Monday, May 30, 2011
Happy Memorial Day! Honor and Remember those who have served!...
Memorial Day is a United States federal holiday observed on the last Monday of May. Formerly known as Decoration Day, which was first recorded to have been observed by Freedmen (freed enslaved southern blacks) in Charleston, South Carolina in 1865, at the Washington Race Course, to remember the fallen Union soldiers of the Civil War. Today, what is now known as Memorial Day, is a day of reflection and recognition of ordinary people who sometimes visit cemeteries and graves to honor their deceased relatives while also commemorating all U.S. Service Members who died while in military service. The recognition of the fallen victims was then enacted under the name Memorial Day by an organization of Union veterans — the Grand Army of the Republic (GAR) — to honor Union soldiers of the American Civil War. Over time, it was extended after World War I to honor all Americans who have died in all wars.
Friday, May 27, 2011
Thursday, May 26, 2011
By James Howard Kunstler
on May 23, 2011 9:45 AM
on May 23, 2011 9:45 AM
Americans gathered around the hearth of CBS's 60 Minutes must have been bemused to hear reporter Scott Pelley announce self-importantly that the US Department of Justice is investigating Lance Armstrong's bicycling team for performance-enhancing drug use. Does it really matter if any pro athlete takes drugs? Why not throw Babe Ruth out of the Baseball Hall of Fame for drinking sixteen beers the night before a World Series opener? Or Ditto Mickey Mantle for that, plus smoking two packs of Marlboros in the dugout during every game.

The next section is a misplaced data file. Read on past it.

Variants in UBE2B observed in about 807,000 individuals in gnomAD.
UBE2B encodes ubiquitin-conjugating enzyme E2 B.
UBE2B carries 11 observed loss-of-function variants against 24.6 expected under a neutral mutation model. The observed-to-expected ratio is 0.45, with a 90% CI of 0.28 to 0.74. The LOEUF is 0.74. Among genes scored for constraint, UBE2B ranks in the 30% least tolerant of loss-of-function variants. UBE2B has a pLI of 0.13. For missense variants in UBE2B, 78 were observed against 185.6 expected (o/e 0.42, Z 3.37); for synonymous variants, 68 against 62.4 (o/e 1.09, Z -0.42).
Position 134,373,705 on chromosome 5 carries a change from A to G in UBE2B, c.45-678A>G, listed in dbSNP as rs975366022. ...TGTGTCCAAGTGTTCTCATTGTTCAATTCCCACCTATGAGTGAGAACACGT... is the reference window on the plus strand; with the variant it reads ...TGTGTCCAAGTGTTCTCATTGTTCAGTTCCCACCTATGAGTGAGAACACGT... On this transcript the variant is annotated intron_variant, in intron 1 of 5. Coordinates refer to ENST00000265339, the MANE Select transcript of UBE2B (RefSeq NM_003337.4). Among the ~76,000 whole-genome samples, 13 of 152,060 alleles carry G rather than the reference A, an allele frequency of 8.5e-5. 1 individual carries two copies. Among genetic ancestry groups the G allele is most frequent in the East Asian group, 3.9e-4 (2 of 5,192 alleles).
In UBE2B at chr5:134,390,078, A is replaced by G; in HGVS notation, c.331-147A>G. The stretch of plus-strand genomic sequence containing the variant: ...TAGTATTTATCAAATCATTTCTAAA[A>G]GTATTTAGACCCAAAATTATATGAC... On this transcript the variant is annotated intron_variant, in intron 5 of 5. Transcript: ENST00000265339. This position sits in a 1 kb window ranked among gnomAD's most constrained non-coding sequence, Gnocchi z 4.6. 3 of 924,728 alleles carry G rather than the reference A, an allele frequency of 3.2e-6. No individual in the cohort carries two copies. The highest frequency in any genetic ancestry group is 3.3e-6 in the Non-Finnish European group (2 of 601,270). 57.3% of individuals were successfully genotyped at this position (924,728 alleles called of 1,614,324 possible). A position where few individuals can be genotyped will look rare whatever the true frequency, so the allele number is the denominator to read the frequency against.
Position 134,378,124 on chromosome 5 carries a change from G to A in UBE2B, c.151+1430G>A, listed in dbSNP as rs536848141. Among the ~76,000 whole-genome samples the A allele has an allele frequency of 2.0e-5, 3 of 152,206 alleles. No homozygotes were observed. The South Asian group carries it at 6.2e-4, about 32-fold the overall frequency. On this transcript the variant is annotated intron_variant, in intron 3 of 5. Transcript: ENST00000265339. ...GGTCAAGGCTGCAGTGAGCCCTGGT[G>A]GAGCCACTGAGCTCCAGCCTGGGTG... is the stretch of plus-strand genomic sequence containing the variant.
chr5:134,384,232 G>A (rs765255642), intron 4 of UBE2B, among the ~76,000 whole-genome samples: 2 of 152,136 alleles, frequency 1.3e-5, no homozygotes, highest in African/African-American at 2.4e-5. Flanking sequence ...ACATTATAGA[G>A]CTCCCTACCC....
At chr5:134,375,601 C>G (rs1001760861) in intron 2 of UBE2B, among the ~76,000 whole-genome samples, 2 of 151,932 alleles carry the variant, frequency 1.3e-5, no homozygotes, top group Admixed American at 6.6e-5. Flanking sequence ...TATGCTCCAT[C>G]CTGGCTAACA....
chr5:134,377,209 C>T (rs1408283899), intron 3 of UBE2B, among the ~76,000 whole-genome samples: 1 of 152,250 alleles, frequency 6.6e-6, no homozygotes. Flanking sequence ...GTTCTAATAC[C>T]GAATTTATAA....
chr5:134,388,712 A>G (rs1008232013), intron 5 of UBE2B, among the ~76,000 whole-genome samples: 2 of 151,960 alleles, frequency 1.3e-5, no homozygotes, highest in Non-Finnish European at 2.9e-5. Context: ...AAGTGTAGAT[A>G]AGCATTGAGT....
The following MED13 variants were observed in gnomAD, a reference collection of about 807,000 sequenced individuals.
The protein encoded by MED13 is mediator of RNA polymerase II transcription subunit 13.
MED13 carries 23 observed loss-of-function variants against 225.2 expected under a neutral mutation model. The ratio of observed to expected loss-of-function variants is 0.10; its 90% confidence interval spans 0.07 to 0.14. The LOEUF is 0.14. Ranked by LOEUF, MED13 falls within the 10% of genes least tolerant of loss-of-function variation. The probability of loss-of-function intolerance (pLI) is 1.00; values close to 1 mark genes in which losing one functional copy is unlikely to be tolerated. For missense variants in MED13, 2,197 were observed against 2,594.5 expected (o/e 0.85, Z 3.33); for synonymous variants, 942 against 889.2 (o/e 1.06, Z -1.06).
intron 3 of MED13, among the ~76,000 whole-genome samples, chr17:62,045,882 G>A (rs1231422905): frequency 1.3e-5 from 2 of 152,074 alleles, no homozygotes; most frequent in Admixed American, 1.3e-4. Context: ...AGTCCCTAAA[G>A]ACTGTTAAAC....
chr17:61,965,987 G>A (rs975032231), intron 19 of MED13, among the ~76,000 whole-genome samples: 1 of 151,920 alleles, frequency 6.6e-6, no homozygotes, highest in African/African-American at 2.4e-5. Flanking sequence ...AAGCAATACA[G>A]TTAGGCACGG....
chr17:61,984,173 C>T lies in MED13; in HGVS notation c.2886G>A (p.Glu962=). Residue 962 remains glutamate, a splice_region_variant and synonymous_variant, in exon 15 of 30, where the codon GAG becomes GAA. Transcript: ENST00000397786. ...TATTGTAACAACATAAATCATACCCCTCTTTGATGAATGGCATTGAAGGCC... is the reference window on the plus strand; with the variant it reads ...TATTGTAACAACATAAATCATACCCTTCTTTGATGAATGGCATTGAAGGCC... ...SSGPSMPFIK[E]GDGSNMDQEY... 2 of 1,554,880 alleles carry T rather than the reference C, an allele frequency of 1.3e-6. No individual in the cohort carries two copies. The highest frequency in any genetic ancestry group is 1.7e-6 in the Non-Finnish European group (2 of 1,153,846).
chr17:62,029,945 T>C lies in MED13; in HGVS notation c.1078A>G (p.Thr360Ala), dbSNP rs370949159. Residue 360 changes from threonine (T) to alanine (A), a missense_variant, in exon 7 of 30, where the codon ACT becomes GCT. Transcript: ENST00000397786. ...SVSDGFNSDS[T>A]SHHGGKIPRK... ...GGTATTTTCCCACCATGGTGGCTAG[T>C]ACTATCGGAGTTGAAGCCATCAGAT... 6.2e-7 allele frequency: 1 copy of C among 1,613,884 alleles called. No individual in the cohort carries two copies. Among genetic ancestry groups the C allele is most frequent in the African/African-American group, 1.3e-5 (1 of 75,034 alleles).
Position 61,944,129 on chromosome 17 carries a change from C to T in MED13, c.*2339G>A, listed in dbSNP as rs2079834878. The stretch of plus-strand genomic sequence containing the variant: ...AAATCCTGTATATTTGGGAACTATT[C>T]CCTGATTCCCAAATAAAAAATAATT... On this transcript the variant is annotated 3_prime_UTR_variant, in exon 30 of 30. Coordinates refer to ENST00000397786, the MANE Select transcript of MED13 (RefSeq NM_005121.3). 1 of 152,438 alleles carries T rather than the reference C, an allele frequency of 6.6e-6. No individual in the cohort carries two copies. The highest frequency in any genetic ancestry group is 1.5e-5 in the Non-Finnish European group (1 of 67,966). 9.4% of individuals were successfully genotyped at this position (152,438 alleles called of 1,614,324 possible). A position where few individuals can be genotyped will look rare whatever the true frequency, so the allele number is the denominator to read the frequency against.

Notice that Scott Pelley did not announce that the US DOJ is investigating Goldman Sachs, or Citi, or Merrill Lynch, or Bank of America or several other so-called banks for looting the American public and influence-peddling in the halls of government. Or the SEC and the CFTC for failing to regulate the trade in frauds and swindles. The window for that sort of action is closing, and with it the reasonable hopes of citizens in the legitimacy of institutions that manage things.
The failures in journalism are now so stupendous that there are only a few possible explanations.
1. The major media, hard pressed by declining revenues and the extremes of competition on cable TV and the Internet, are in thrall to corporate advertisers who expect cheerleading for the status quo in return.
2. Major media editors and producers - the officer corps of journalism - are not smart enough to tell the difference between what's important and what's not and can't run their newsrooms.
3. Mainstream media only reflects the cognitive dissonance that pervades the collective imagination of a culture - too much noise to think coherently.
4. We really don't want to know what's going on - it's too scary.
5. Sometimes a generation of leaders just fails.
For those of you interested in a digest of reality, here's what's going on:
• The global energy predicament really is a crisis, even though nobody is currently lining up at the gasoline pumps. It's a crisis because peak oil is for real and oil is the primary resource of advanced economies, and there are no miracle rescue remedies ("drill, drill, drill," shale oil, shale gas). Peak oil means that we can't increase supply in relation to still-growing demand, which creates disturbances in the energy markets. Peak oil also leads directly to a crisis of capital (money), because a nation (an economy) that can't get increasing energy "inputs," can't create more wealth, can't generate more loans (debt), and most importantly can't expect what we've come to think of as normal economic growth. This creates further disturbances and distortions in financial markets.